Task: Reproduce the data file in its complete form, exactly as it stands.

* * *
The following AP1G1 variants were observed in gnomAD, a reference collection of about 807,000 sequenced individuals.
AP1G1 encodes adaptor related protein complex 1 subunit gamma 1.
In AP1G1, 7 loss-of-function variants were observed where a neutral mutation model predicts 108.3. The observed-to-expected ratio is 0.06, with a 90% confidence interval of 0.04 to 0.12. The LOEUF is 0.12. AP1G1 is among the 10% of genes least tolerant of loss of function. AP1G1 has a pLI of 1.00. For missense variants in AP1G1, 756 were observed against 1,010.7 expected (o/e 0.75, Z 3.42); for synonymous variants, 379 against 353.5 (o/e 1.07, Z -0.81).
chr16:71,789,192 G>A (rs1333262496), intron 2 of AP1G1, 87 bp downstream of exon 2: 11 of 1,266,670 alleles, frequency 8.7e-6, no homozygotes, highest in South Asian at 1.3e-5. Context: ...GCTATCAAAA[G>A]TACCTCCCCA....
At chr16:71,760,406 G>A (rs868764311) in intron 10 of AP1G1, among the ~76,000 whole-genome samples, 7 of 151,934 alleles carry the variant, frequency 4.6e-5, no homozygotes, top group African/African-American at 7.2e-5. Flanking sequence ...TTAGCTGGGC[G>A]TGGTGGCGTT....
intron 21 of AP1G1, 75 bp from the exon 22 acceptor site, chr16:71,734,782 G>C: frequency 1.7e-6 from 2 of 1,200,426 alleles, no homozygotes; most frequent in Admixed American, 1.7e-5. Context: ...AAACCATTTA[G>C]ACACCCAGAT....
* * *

The following AP1G1 variants were observed in gnomAD, a reference collection of about 807,000 sequenced individuals.
AP1G1 encodes adaptor related protein complex 1 subunit gamma 1.
In AP1G1, 7 loss-of-function variants were observed where a neutral mutation model predicts 108.3. The observed-to-expected ratio is 0.06, with a 90% confidence interval of 0.04 to 0.12. The LOEUF is 0.12. AP1G1 is among the 10% of genes least tolerant of loss of function. AP1G1 has a pLI of 1.00. For missense variants in AP1G1, 756 were observed against 1,010.7 expected (o/e 0.75, Z 3.42); for synonymous variants, 379 against 353.5 (o/e 1.07, Z -0.81).
chr16:71,789,192 G>A (rs1333262496), intron 2 of AP1G1, 87 bp downstream of exon 2: 11 of 1,266,670 alleles, frequency 8.7e-6, no homozygotes, highest in South Asian at 1.3e-5. Context: ...GCTATCAAAA[G>A]TACCTCCCCA....
At chr16:71,760,406 G>A (rs868764311) in intron 10 of AP1G1, among the ~76,000 whole-genome samples, 7 of 151,934 alleles carry the variant, frequency 4.6e-5, no homozygotes, top group African/African-American at 7.2e-5. Flanking sequence ...TTAGCTGGGC[G>A]TGGTGGCGTT....
intron 21 of AP1G1, 75 bp from the exon 22 acceptor site, chr16:71,734,782 G>C: frequency 1.7e-6 from 2 of 1,200,426 alleles, no homozygotes; most frequent in Admixed American, 1.7e-5. Context: ...AAACCATTTA[G>C]ACACCCAGAT....